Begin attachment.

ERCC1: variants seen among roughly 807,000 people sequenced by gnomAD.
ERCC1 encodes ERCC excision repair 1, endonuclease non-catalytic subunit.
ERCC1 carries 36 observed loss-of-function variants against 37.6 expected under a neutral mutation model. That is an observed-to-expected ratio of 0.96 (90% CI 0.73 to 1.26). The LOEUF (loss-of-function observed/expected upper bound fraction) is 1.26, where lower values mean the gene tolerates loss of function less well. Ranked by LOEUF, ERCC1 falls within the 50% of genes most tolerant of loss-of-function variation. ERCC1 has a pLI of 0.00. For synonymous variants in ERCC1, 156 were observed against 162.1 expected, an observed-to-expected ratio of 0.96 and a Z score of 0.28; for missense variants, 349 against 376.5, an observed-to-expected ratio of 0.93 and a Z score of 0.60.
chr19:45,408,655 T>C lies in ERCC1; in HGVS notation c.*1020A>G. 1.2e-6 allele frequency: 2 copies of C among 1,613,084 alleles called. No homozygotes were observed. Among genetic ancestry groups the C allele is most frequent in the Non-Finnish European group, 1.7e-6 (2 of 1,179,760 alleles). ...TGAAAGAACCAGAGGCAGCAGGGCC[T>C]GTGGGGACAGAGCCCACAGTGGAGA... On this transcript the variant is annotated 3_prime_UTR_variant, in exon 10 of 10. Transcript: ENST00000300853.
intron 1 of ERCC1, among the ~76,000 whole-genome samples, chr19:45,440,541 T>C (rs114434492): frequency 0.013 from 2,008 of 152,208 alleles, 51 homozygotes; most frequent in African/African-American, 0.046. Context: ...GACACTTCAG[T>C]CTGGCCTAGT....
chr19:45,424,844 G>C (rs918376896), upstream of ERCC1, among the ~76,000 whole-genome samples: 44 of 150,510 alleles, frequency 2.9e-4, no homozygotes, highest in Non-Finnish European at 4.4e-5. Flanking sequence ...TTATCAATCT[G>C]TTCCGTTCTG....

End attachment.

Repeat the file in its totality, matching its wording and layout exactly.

ERCC1: variants seen among roughly 807,000 people sequenced by gnomAD.
ERCC1 encodes ERCC excision repair 1, endonuclease non-catalytic subunit.
ERCC1 carries 36 observed loss-of-function variants against 37.6 expected under a neutral mutation model. That is an observed-to-expected ratio of 0.96 (90% CI 0.73 to 1.26). The LOEUF (loss-of-function observed/expected upper bound fraction) is 1.26, where lower values mean the gene tolerates loss of function less well. Ranked by LOEUF, ERCC1 falls within the 50% of genes most tolerant of loss-of-function variation. ERCC1 has a pLI of 0.00. For synonymous variants in ERCC1, 156 were observed against 162.1 expected, an observed-to-expected ratio of 0.96 and a Z score of 0.28; for missense variants, 349 against 376.5, an observed-to-expected ratio of 0.93 and a Z score of 0.60.
chr19:45,408,655 T>C lies in ERCC1; in HGVS notation c.*1020A>G. 1.2e-6 allele frequency: 2 copies of C among 1,613,084 alleles called. No homozygotes were observed. Among genetic ancestry groups the C allele is most frequent in the Non-Finnish European group, 1.7e-6 (2 of 1,179,760 alleles). ...TGAAAGAACCAGAGGCAGCAGGGCC[T>C]GTGGGGACAGAGCCCACAGTGGAGA... On this transcript the variant is annotated 3_prime_UTR_variant, in exon 10 of 10. Transcript: ENST00000300853.
intron 1 of ERCC1, among the ~76,000 whole-genome samples, chr19:45,440,541 T>C (rs114434492): frequency 0.013 from 2,008 of 152,208 alleles, 51 homozygotes; most frequent in African/African-American, 0.046. Context: ...GACACTTCAG[T>C]CTGGCCTAGT....
chr19:45,424,844 G>C (rs918376896), upstream of ERCC1, among the ~76,000 whole-genome samples: 44 of 150,510 alleles, frequency 2.9e-4, no homozygotes, highest in Non-Finnish European at 4.4e-5. Flanking sequence ...TTATCAATCT[G>C]TTCCGTTCTG....